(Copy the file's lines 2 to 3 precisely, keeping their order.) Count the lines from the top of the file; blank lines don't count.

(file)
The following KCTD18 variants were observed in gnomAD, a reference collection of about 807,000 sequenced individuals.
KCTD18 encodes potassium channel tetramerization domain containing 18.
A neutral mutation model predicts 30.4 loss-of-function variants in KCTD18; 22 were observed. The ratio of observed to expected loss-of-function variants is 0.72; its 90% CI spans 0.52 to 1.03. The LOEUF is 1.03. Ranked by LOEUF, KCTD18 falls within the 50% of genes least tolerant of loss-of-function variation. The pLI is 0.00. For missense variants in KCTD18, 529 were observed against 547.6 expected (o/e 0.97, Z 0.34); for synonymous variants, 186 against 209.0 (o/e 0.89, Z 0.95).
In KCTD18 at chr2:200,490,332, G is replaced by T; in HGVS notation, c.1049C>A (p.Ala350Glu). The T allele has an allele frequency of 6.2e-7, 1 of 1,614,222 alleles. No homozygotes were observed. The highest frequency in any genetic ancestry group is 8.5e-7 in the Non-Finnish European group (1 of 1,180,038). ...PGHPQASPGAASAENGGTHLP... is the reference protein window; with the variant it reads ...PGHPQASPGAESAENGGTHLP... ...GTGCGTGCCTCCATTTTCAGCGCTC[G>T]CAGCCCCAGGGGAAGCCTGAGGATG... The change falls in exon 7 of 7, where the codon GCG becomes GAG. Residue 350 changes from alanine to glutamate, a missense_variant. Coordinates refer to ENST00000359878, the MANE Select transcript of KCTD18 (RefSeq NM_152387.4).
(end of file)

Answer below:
KCTD18 encodes potassium channel tetramerization domain containing 18.
A neutral mutation model predicts 30.4 loss-of-function variants in KCTD18; 22 were observed. The ratio of observed to expected loss-of-function variants is 0.72; its 90% CI spans 0.52 to 1.03. The LOEUF is 1.03. Ranked by LOEUF, KCTD18 falls within the 50% of genes least tolerant of loss-of-function variation. The pLI is 0.00. For missense variants in KCTD18, 529 were observed against 547.6 expected (o/e 0.97, Z 0.34); for synonymous variants, 186 against 209.0 (o/e 0.89, Z 0.95).